Of course, I pick out the girls and ask them things like: do you like school? Have you lived here all your life? What is your favorite thing to do? What would you like to be doing now, instead of talking with me?

After I have asked about 4 girls questions, the professor picks out the boys for me to ask questions of, which I do.

When it is time for them to go, Isai asks me (I think) to come to school in the morning to help with the inglais class – and he will teach me Spanish while I help with pronunciation in english. I agree.

He gives me rapid directions in spanish how to get to the school and he lists the places he has been in the united states – all over the north coast and south west, basically. He likes the united states and has his visa but his husband does not.

I’m not sure if he meant husband because he then says ‘she’ and ‘her’. Hmmmm He certainly looks gay to me, but could it be?

Shortly after he leaves, one of Elsa’s grandsons, Josue, appears with another youth and a very neatly hand-written letter inviting me in Spanish to visit the classroom tomorrow.

Yeah! How wonderful to connect with the youth in this way! I’m hoping Isai will allow me to give a lesson on plastic bottles, as this beautiful place is littered with them – and other non-degradable, or edible treasures.

Fishermen and Veggie Oil

Fishermen and Veggie Oil
I greet the sun this morning, rising over the mouth of the river, which is where I have parked. I go for a short run on the beach along the ocean, to the mouth of the river, and onto the man-made mound of shells bordered by huge volcanic rocks that extends into the ocean several yards.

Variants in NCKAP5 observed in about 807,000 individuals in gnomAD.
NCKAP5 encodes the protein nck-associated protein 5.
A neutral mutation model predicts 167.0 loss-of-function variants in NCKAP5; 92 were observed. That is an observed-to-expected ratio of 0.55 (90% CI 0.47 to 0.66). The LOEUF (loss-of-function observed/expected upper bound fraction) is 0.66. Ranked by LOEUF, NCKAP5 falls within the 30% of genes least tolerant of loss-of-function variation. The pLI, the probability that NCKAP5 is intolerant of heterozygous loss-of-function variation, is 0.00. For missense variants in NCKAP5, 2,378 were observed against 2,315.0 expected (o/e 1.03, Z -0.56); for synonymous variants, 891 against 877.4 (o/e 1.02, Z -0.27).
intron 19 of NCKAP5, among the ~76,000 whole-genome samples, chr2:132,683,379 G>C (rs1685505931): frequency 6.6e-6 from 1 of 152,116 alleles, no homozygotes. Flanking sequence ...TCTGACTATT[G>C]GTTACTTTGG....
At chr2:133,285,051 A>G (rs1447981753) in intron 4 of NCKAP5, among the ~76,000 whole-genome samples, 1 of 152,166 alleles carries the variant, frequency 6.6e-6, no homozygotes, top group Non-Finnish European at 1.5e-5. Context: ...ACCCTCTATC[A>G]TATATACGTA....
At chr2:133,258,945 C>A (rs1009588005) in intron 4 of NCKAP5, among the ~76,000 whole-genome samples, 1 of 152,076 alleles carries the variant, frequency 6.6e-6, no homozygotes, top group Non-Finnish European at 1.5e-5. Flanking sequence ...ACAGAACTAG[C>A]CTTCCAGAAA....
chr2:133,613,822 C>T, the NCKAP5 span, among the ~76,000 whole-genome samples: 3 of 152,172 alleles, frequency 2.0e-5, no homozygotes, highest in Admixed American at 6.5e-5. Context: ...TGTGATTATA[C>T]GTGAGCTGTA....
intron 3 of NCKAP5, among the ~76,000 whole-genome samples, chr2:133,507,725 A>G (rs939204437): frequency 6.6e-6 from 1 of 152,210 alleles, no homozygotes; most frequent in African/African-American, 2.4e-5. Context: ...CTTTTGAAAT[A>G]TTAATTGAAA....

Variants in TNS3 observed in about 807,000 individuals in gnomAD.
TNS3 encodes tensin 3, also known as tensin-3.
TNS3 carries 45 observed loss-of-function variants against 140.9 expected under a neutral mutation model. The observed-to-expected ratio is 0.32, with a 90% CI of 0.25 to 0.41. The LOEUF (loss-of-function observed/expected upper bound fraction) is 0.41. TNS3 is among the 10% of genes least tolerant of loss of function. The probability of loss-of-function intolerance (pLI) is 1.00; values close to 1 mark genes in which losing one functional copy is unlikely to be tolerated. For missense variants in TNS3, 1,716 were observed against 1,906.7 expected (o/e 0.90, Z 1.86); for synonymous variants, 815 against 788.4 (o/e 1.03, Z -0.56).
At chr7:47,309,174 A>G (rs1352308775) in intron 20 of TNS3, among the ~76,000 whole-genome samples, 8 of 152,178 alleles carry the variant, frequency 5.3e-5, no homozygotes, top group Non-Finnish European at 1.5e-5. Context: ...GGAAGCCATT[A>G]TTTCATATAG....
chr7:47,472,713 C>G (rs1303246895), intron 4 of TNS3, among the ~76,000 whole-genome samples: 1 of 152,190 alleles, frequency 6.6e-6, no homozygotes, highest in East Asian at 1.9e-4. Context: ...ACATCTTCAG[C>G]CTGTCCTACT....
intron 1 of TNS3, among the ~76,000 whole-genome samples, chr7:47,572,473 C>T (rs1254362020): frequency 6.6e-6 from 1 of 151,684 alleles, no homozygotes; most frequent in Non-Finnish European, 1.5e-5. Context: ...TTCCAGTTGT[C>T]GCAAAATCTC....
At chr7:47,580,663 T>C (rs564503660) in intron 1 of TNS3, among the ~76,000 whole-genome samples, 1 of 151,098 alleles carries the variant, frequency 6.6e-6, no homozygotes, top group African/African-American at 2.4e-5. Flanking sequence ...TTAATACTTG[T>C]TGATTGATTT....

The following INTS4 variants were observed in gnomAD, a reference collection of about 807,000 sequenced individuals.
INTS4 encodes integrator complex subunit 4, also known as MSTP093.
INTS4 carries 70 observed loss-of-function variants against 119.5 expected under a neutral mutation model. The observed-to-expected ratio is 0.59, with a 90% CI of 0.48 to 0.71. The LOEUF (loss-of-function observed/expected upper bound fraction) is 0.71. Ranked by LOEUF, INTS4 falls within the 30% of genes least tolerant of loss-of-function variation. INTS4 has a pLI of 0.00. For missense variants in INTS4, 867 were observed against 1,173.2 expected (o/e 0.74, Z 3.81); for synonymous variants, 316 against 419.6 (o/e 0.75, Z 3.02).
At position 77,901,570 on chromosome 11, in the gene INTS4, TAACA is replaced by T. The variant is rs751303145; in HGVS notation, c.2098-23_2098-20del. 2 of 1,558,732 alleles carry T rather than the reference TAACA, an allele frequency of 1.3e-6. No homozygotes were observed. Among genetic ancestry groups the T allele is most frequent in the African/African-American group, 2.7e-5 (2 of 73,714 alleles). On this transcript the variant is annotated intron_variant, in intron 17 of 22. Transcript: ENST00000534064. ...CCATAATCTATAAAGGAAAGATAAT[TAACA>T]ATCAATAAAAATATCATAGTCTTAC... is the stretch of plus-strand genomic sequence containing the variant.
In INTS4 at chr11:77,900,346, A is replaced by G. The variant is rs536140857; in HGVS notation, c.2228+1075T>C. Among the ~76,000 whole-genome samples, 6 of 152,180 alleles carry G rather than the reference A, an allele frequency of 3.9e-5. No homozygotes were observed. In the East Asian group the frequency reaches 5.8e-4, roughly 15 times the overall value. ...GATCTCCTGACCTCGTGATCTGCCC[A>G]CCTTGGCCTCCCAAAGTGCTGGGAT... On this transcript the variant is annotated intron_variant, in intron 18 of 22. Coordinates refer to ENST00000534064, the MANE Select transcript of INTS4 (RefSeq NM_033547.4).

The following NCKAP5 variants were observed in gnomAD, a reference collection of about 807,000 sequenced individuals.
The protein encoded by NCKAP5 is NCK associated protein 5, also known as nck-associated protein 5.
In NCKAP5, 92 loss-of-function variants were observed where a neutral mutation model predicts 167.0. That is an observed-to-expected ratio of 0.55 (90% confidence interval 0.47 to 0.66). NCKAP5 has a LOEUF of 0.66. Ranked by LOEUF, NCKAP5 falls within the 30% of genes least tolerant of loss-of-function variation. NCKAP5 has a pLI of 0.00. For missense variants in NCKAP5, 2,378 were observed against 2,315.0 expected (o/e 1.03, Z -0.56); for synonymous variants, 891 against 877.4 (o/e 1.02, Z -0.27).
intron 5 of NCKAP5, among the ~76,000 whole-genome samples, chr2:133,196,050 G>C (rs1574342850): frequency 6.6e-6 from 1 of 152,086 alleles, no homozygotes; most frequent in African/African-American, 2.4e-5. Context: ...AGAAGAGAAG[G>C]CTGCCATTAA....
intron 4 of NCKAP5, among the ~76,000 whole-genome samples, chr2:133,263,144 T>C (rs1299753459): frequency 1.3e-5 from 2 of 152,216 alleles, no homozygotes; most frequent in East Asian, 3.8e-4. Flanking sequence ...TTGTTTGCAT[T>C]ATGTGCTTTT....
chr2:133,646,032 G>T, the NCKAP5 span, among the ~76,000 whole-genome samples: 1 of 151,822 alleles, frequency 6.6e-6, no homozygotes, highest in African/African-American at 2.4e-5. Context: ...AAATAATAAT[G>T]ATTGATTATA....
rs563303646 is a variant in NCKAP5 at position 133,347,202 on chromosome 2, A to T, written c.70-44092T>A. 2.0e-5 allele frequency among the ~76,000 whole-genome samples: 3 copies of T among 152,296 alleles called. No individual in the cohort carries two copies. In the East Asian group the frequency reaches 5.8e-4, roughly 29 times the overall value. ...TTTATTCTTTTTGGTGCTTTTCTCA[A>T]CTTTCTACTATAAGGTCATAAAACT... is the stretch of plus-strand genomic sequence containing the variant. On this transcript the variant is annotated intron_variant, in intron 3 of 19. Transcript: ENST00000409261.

When I run back along the ocean past my truck, I notice fresh footprints in the sand leading up to my truck, so I return. As I get closer I see there is a large pickup truck parked a few feet to the side of my truck.

When I get there, I see two men standing by their truck, watching me. I do not have my glasses on so I can't tell if they are smiling or not - or really even looking directly at me.

I approach, saying Buenas Dias, and they politely return my greeting. And our conversation begins. One of the men, Aron, can speak a little tiny English, although we speak mostly Spanish. He has a sister, married to a gringo, in Chula Vista, so he has been to California!

We speak of my travels - solo - and their work, a fisherman and a vendador of pescado - a seller of fish. They are very curious about my truck. I show them what I (Shazam) has built. We talk about solar - and wind power, as the wind is constant here.

When they ask when am I going, I tell them about running my truck on veggie oil and wanting the oil to settle. They are very excited about veggie oil. Another man has joined us by now, and several others stand grouped several feet from the truck.

They ask me about the “Our troops are dying for your support” sign in my truck. We talk about war and ending war, violence and the united states. Even though I speak Spanish, Aron repeats what I say for the other men’s benefit. Maybe he is the only one who understands me!

I am probably the most interesting thing in town this morning!

When they finally say they have to go to work, and I am exhausted in my attempts to communicate, they all say I am welcome in their casas!

So last night I met Elsa and several of her 16 grandchildren; this morning I meet the men of the town!